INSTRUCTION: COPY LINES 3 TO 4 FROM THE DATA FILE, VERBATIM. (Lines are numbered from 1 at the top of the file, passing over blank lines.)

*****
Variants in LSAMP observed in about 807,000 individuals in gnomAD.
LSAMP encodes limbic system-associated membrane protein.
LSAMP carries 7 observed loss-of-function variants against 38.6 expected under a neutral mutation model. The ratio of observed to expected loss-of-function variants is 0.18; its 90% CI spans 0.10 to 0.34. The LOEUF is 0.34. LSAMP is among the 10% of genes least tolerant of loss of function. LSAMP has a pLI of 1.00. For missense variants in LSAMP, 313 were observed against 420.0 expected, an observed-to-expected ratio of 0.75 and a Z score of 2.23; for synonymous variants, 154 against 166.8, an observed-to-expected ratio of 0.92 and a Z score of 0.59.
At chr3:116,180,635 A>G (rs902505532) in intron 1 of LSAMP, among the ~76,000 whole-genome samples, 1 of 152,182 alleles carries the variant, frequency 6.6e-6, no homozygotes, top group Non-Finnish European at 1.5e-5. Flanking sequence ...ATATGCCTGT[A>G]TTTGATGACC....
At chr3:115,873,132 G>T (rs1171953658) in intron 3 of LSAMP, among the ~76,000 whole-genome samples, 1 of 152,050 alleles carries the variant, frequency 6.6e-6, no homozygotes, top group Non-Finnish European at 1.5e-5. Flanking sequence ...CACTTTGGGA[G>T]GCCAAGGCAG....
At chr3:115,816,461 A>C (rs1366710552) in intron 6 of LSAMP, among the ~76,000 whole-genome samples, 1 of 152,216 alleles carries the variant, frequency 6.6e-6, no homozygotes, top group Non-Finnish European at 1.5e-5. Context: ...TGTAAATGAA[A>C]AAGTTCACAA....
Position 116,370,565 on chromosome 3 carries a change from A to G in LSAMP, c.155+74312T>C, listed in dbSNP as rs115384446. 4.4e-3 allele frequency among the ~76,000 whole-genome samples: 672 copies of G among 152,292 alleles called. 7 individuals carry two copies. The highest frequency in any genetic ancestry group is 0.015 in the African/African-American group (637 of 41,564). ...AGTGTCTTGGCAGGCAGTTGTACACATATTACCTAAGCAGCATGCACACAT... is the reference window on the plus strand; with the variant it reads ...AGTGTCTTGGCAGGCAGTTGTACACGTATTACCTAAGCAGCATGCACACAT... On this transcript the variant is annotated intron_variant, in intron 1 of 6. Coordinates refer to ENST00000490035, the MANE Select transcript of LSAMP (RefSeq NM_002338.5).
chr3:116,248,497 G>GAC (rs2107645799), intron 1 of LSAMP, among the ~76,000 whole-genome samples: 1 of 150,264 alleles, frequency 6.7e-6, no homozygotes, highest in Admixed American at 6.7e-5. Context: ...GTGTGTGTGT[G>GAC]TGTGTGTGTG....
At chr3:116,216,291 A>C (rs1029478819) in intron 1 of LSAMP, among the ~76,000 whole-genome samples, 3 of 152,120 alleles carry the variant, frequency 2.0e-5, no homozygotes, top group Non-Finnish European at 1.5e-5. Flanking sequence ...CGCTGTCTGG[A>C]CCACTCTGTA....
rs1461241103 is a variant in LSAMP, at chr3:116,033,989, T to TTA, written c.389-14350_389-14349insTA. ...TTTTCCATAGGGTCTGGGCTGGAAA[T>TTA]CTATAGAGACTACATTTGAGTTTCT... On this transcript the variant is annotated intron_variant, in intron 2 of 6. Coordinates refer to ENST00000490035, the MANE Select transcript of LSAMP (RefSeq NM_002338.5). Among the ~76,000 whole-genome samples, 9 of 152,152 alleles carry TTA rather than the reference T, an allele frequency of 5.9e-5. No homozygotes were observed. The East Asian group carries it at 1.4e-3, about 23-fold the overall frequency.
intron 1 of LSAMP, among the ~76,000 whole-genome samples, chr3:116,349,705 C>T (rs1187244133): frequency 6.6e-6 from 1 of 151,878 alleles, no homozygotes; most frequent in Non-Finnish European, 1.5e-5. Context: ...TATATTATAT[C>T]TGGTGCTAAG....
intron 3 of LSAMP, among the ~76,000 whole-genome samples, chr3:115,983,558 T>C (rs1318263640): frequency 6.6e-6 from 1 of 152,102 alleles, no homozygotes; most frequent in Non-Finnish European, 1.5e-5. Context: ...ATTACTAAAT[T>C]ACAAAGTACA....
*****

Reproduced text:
LSAMP carries 7 observed loss-of-function variants against 38.6 expected under a neutral mutation model. The ratio of observed to expected loss-of-function variants is 0.18; its 90% CI spans 0.10 to 0.34. The LOEUF is 0.34. LSAMP is among the 10% of genes least tolerant of loss of function. LSAMP has a pLI of 1.00. For missense variants in LSAMP, 313 were observed against 420.0 expected, an observed-to-expected ratio of 0.75 and a Z score of 2.23; for synonymous variants, 154 against 166.8, an observed-to-expected ratio of 0.92 and a Z score of 0.59.
At chr3:116,180,635 A>G (rs902505532) in intron 1 of LSAMP, among the ~76,000 whole-genome samples, 1 of 152,182 alleles carries the variant, frequency 6.6e-6, no homozygotes, top group Non-Finnish European at 1.5e-5. Flanking sequence ...ATATGCCTGT[A>G]TTTGATGACC....